The photos and a lot of the shapes were done by Molly, and the fonts belong to their respective designers.

Mall-style Soft Pretzels


2 1/4 tsp instant yeast
2 tbsp sugar
1 tsp salt
1 1/2 c warm water
4 c all purpose flour
2 c water with 2 tbsp of baking soda suspended in it
2 tbsp butter, melted
kosher salt, for sprinkling


Dissolve the sugar and yeast in the warm water. Add that to the flour and salt, then knead well. This should take about ten minutes. Place in an oiled bowl, cover, and let rise in a warm place for an hour.

Preheat the oven to 450˚F.

Cut the dough into a dozen (roughly) equal pieces. Pencil roll each of them until it is around 3 feet long, and no more than half an inch thick. Twist into an ampersand shape of your favorite font. We liked Garamond Italic, among others.

Dip the pretzels in the baking soda suspension and place them on the counter to proof for about 15 minutes. Transfer them onto a baking sheet with parchment paper (note: NOT waxed paper. As we learned, these things are different) and bake for 10-12 minutes.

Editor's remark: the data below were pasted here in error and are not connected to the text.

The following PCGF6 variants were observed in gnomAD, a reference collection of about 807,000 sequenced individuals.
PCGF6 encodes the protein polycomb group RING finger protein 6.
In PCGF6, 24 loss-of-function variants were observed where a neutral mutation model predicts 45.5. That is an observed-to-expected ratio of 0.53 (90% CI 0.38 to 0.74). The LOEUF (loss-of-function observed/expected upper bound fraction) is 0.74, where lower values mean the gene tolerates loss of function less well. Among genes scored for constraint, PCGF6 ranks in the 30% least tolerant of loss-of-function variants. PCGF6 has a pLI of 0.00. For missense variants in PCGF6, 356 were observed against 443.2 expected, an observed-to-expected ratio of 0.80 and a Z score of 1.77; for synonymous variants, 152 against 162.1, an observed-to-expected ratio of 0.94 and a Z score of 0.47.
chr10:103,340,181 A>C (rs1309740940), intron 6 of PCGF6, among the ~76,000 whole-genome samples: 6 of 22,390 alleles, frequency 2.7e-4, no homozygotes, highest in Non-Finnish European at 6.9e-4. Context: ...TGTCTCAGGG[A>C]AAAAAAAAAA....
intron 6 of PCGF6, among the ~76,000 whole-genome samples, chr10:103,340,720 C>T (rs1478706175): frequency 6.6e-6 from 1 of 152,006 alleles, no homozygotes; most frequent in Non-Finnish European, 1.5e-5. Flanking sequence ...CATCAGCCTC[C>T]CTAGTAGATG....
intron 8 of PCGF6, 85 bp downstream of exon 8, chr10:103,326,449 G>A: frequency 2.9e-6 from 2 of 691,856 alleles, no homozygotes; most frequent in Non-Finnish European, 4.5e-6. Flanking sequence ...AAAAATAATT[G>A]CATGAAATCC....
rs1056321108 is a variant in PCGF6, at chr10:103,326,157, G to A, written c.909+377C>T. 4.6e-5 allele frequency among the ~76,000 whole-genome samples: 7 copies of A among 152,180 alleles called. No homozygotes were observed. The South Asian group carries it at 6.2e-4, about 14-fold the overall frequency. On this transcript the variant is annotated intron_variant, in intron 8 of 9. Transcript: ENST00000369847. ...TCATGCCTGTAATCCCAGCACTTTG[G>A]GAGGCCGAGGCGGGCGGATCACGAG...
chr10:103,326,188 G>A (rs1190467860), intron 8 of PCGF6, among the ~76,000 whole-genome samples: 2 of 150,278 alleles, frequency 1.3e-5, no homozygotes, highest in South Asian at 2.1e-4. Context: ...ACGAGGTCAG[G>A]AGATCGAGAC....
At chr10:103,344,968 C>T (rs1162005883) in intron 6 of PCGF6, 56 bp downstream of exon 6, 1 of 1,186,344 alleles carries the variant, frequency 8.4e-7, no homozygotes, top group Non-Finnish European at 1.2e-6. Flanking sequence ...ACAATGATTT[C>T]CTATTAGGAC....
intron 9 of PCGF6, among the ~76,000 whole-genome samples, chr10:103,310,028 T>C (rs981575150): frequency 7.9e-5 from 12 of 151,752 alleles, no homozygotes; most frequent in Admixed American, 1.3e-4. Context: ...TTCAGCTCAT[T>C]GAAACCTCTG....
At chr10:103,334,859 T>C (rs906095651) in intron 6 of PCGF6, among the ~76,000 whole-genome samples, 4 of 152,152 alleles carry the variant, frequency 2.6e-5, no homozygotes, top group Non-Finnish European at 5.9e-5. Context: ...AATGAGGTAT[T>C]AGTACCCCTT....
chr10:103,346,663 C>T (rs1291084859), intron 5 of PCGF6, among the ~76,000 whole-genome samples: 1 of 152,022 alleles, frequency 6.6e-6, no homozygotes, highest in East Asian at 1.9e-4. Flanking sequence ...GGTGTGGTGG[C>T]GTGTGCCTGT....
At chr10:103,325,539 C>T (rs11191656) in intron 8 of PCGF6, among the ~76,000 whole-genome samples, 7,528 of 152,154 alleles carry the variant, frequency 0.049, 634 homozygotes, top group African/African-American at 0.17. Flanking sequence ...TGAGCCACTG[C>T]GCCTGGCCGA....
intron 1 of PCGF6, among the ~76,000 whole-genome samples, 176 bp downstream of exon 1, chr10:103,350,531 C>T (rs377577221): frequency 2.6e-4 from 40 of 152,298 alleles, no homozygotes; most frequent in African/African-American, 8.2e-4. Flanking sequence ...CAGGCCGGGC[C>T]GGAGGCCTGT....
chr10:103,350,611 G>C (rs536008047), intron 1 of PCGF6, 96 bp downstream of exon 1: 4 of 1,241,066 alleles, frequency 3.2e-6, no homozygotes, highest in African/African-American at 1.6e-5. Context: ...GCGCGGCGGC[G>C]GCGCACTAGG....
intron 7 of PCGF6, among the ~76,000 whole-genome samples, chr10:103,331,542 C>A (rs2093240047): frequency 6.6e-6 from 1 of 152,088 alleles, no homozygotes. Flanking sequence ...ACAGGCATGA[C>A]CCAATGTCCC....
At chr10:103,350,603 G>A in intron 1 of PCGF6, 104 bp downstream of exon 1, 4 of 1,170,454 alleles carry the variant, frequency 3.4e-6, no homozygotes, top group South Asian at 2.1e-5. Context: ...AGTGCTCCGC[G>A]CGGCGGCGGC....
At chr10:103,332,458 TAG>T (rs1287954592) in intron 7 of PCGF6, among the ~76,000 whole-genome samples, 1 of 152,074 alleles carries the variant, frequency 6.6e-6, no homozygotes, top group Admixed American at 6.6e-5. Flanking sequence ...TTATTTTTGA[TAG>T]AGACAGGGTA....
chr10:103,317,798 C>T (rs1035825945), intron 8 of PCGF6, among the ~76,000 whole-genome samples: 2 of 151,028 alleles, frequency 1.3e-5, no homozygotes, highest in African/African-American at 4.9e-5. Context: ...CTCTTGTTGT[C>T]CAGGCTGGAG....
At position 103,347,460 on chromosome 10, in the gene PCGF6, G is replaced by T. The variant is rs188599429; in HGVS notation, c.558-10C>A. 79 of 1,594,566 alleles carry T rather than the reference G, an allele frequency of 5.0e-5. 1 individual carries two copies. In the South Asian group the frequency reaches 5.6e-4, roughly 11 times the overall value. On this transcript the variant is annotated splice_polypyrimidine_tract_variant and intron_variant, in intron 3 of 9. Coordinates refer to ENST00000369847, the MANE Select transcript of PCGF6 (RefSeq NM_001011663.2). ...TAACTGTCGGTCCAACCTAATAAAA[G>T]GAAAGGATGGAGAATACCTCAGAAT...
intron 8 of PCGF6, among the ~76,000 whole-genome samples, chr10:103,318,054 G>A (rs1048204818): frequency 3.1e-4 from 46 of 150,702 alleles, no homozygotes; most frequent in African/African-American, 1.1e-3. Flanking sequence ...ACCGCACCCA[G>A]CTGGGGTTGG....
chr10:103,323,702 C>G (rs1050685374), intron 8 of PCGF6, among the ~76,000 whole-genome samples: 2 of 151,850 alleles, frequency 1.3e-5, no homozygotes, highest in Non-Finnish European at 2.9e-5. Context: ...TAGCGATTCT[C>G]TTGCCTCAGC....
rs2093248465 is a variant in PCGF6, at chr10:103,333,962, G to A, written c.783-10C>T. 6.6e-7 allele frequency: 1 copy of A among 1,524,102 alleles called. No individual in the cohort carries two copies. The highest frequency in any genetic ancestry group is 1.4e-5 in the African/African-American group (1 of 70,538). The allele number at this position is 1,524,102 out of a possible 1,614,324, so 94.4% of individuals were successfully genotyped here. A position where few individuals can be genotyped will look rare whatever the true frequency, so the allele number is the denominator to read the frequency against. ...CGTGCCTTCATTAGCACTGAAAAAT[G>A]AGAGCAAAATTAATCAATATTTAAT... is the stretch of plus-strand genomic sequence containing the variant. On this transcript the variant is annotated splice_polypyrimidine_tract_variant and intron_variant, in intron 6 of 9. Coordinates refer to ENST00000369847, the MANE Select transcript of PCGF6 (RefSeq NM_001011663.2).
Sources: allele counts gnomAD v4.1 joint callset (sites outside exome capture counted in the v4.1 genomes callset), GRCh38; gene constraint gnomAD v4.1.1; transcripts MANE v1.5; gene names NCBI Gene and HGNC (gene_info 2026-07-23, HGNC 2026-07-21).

After you take the pretzels out, brush them with melted butter and sprinkle on the coarse salt. Eat them, or make signs with them.

This post submitted to this week’s Yeastspotting, and to Tastespotting.

Angel Food Cake

Contrary to the popular misconception, the angel cake does not contain any supernatural beings whatever. Nor is it eaten by angels. The reason it is called an angel food cake is because several million years ago, when the cake was first discovered by the ancient Celts, they believed the cake was sent to them by an angel for something to munch on.

The question of when exactly we got the recipe from the angels has been lost to history, but here it is in all its glory:

1 1/4 c egg whites (about 10 large eggs’ worth)
1 1/4 c granulates sugar
1 c cake flour
1 tsp cream of tartar
1/2 tsp salt
1/2 tsp vanilla extract
1/2 tsp almond extract

Preheat the oven to 350˚F

Sift the sugar. Twice.